Monday 13 April 2009

The Mamas and Papas "If You Can Believe Your Eyes and Ears" (1966) (News, Views and Music 27)

“Got a feelin’ that you’re playing some games with me babe, got a feelin’ that you been untrue…”

The Mamas And Papas “If You Can Believe Your Eyes and Ears”

There’s a certain kind of bittersweet melancholy that’s the sweetest sound you’ve ever heard. Ray Davies swore by it, Brian Wilson has had it for most of his working life, the Beatles leaned on it heavily throughout the 60s and even the most unlikely bands like the Who and Rolling Stones gave us the melancholia of ‘Behind Blue Eyes’ and ‘Lady Jane’ from time to time. John Phillips though, the man whose composer’s instincts dominate this record, was a living breathing testament to how to make bittersweet melancholy sound fabulous and there’s a rarely a song of his that isn’t bittersweet and gorgeous. Even the band’s best known songs, ‘Monday Monday’ and ‘California Dreamin’- which are incidentally both from this album - are lyrically depressing cries from the heart stuck together with power pop hooks and harmonies that suggest that somehow despite the problems the world’s going to be just fine anyway.

In a (very) wide generalisation, most debut albums are happy, energetic, eager-to-please collections of danceable grooves that make you feel good – despite the rush you get when the harmonies kick in, the Mamas and Papas’ debut is one of the most melancholy ever made. And, curiously, it’s still by far and away their happiest album despite the obvious sadness oozing at the seams. That curious dichotomy is all over this album - one minute the band is all agreed that ‘to go where you want to go’ is the best way for happy healthy human beings to be – the next we’re being urged ‘you don’t understand’. One minute Mama Cass is telling us she’s part of ‘the in crowd’ – the next she’s modulating into a minor key to tell us that ‘you ain’t been nowhere till you’ve been in the in crowd’, making us wonder if her character actually sounds more desperate than victorious. We’re California Dreamin’ on this album alright, thanks to some of the most glorious harmonic outbursts on record – but on such a cold and biting winter’s day.  

Maybe all that melancholy explains why this hippiest of bands wasn’t the happiest of bands, despite the wholesome image they always liked to project. Just like CSNY the Mamas and Papas spoke out about love and harmony and peace in the world in every note and phrase of their music and it wasn’t a ‘front either’ – both bands believed in a hippy utopia with every pore in their bodies (even if none of them were too sure how to get there). And, just like CSNY, all four then bickered endlessly between themselves about how best to show that utopia on record, causing ructions that killed off the band completely in just three short years and to these ears diluted their delightfully happy harmonies as early as the second album. Records two to four all have their shining moments (Phillips’ tale of betrayal ‘No Salt On Her Tail’ and his glorious tale of peace ‘Through My Window’ both deserve better recognition, being among the best songs the Mamas and Papas ever did) but this album’s mix of shimmering fragile sadness and aggressive fully-powered harmonies is the most consistent and pioneering of the quartet’s full albums. It’s also the only one where you can tell the whole band really are enjoying each other’s company – for the record, love triangles don’t get any more confusing than the one in this band and its all going to kick off sometime around 1967, shortly after this record (John had married Michelle who fell in love with Denny, only to find a rival for his affections in Mama Cass, etc…what is this, Creeque Alley Coronation Street?!)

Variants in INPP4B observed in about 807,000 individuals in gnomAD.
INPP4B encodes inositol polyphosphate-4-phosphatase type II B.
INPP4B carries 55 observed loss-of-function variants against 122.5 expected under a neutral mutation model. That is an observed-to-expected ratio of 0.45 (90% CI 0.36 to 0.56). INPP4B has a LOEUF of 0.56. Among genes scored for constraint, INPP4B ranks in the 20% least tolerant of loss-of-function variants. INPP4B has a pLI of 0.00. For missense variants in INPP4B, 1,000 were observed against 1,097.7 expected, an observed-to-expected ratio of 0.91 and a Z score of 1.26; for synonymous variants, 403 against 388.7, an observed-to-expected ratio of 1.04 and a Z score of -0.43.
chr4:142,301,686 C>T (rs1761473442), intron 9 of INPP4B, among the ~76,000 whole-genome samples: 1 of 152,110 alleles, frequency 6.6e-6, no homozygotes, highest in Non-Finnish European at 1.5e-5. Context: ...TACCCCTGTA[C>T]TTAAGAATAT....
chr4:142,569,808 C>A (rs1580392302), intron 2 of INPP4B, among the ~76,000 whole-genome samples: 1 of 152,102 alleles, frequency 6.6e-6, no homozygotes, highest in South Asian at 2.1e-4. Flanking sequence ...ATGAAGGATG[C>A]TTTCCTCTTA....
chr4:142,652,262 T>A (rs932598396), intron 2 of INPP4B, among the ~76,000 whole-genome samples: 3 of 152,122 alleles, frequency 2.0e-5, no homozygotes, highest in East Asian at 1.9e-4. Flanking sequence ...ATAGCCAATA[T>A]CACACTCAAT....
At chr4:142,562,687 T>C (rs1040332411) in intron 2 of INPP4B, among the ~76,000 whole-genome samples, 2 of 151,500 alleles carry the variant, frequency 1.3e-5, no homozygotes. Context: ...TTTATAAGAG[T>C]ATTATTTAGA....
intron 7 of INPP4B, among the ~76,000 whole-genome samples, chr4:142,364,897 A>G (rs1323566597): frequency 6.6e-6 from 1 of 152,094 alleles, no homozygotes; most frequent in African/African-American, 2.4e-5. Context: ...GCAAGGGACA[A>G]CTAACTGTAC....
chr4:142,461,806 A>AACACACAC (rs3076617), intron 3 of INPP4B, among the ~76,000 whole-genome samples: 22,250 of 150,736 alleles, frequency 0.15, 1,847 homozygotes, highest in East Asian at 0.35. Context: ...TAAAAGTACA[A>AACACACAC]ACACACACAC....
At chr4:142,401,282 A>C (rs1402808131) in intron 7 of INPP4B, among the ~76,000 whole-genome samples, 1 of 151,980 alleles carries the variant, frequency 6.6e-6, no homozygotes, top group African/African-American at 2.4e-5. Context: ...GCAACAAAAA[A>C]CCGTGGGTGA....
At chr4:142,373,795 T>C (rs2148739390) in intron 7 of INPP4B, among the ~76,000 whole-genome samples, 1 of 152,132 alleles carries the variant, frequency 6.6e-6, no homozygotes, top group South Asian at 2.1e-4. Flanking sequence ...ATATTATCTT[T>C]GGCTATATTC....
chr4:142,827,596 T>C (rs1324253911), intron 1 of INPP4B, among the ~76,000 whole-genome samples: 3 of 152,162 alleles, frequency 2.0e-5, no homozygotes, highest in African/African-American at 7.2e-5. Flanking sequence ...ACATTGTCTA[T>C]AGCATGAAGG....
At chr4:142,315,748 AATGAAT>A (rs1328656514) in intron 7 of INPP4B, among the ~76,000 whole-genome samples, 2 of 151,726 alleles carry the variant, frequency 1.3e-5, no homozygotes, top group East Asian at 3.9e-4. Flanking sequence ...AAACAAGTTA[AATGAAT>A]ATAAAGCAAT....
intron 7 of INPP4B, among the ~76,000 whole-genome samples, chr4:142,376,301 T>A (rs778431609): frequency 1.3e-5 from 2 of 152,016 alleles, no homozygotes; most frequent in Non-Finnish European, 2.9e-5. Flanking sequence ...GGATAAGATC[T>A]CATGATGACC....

Onto the music. I’d love to be different to very other reviewer under the planet and focus on a different ‘best song’ than ‘California Dreamin’ but, well, every time I try and write about some other song I feel this majestic single pounding at my ear-drums so I’m going to have to admit defeat and write about it.  ‘California Dreamin’ is a perfectly written, perfectly sung representative of everything the Mamas and Papas were about. The words are quite genuine (the Phillips’ really were getting fed up with their self-imposed exile on the Virgin Islands when they wrote this song together and the ‘church’ the homesick pair step inside is actually St Patrick’s Cathedral in New York, a journey they took because – being California citrizens – they hadn’t quite realised how cold it got in other parts of America), but they’re dressed up to mean something to all of us. It’s Homeward Bound, basically, but with the song’s narrators even further off the beaten track than Paul Simon stuck at Widnes railway station, lost in a fog of their own making. The dry repetitive rhythms crackle like the Winter air, the unusual but highly effective choice of a flute solo highlights the icicles hanging in the air and there, just about audible in the background, are those gorgeous sunny harmonies that are close enough to believe in but too far away to embrace. By the end of the song, we’ve all got our bags packed for our own sunny tranquillity of California. In short, this is catchy but deep pop at it’s best and the best Califorbnia-related song that Brian Wilson didn’t write.